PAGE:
Filmy Friday: Aayush Sharma's ‘LoveYatri’ Vs Ayushmann Khurrana's 'AndhaDhun'

| October 5 , 2018 , 10:28 IST

‘LoveYatri’, a film produced by Salman Khan that marked the debut of his brother-in-law Aayush Sharma and Ayushmann Khurrana's 'AndhaDhun' released on Friday. 

Both the films have been able to make a buzz ever since their music release. On one side there is LoveYatri with the peppy, high on energy garba songs and on the other AndhaDhun with the euphoric, romantic, and plaintive numbers.


Loveyatri has the Navratri festival in Vadodara as the backdrop. Aayush Sharma as Sushrut is a classroom dud who shines on the dance floor (at least that is what he believes). 

Sushrut's ultimate dream was to set up a garba training academy. On the other side, Londoner Michelle played by Warina Hussain who stayed in the United Kingdom was at the top of her class, but she wished to return to her motherland, India. Her father (Ronit Roy) reluctantly agreed to her and they came to Baroda and extend their stay to celebrate Navratri on the insistence of his imposing Gujarati family.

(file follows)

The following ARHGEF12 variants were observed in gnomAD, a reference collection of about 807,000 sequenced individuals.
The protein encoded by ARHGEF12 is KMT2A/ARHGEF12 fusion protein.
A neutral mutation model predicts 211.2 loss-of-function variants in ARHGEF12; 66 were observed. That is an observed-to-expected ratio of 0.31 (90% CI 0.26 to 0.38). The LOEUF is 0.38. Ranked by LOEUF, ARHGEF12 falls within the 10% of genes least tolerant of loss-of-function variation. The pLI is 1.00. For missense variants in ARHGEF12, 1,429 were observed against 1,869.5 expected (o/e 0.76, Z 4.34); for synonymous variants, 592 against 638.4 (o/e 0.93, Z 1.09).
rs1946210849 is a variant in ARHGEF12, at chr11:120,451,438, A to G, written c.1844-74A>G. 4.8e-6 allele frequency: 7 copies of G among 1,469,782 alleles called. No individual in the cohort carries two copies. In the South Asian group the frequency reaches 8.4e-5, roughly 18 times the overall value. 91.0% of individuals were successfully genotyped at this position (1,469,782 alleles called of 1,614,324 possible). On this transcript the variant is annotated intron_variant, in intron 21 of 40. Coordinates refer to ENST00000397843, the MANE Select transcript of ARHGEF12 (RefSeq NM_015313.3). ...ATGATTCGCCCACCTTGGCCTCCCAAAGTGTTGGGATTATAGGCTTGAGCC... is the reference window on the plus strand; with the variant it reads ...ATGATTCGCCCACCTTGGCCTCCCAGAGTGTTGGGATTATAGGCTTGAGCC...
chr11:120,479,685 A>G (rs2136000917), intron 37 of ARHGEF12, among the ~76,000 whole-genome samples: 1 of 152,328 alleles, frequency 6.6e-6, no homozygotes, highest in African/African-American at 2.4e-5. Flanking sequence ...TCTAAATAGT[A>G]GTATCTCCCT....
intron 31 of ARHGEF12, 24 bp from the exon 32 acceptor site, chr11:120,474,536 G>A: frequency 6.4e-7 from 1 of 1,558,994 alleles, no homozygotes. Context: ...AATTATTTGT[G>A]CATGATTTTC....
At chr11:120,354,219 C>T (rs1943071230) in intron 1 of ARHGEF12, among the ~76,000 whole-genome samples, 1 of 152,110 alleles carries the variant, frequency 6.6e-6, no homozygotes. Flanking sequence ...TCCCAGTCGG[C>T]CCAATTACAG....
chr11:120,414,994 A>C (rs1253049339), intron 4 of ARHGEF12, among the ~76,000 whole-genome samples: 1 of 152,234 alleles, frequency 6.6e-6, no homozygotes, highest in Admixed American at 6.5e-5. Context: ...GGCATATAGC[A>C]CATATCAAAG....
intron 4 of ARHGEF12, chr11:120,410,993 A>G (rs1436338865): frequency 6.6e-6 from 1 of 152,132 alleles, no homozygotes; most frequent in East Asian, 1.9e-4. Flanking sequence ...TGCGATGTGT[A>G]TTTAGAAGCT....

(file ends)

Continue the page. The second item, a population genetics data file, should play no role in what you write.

During the ‘festival of dance’, Susu fell in love with Michelle at first sight. He became the typical lover boy who literally runs in circles, to follow his heart.

The second half of the movie is set in London, where Sushrut woos Michelle all over again. Sam (Ronit Roy) who runs a laundry chain named Lord of the Rinse, is the movie’s token villain, although some viewers might share his disquiet over his daughter’s choice.


Sriram Raghavan's sly, smart thriller AndhaDhun also released on Friday.

The plot is inspired by a duly acknowledged French short film, Olivier Treiner's L'accordeur (The Piano Tuner, 2010), about a young musician.

It is a structured crime drama that involves feigned blindness, a cold-blooded murder, cover-ups, and conspiracies that go awry and many other vicious instances of omission and commission in the film.

Lead actor Ayushmann Khurrana has been able to create an intriguing arena. Tabu, too, is impressive as a woman who exudes as much charm as deadly intent. Radhika Apte, playing markedly less tortured than she has been in most of her recent screen outings, has effortlessly nailed it. Supporting cast members Chhaya Kadam, Zakir Hussain, Manav Vij, and Ashwini Kalsekar also add substance to the film.

The film, an absolute treat for thriller aficionados who like the genre seasoned with wry wit, bears testimony to the director's uncommon storytelling skills on the one hand and his abiding attachment to 1970s Hindi film music on the other.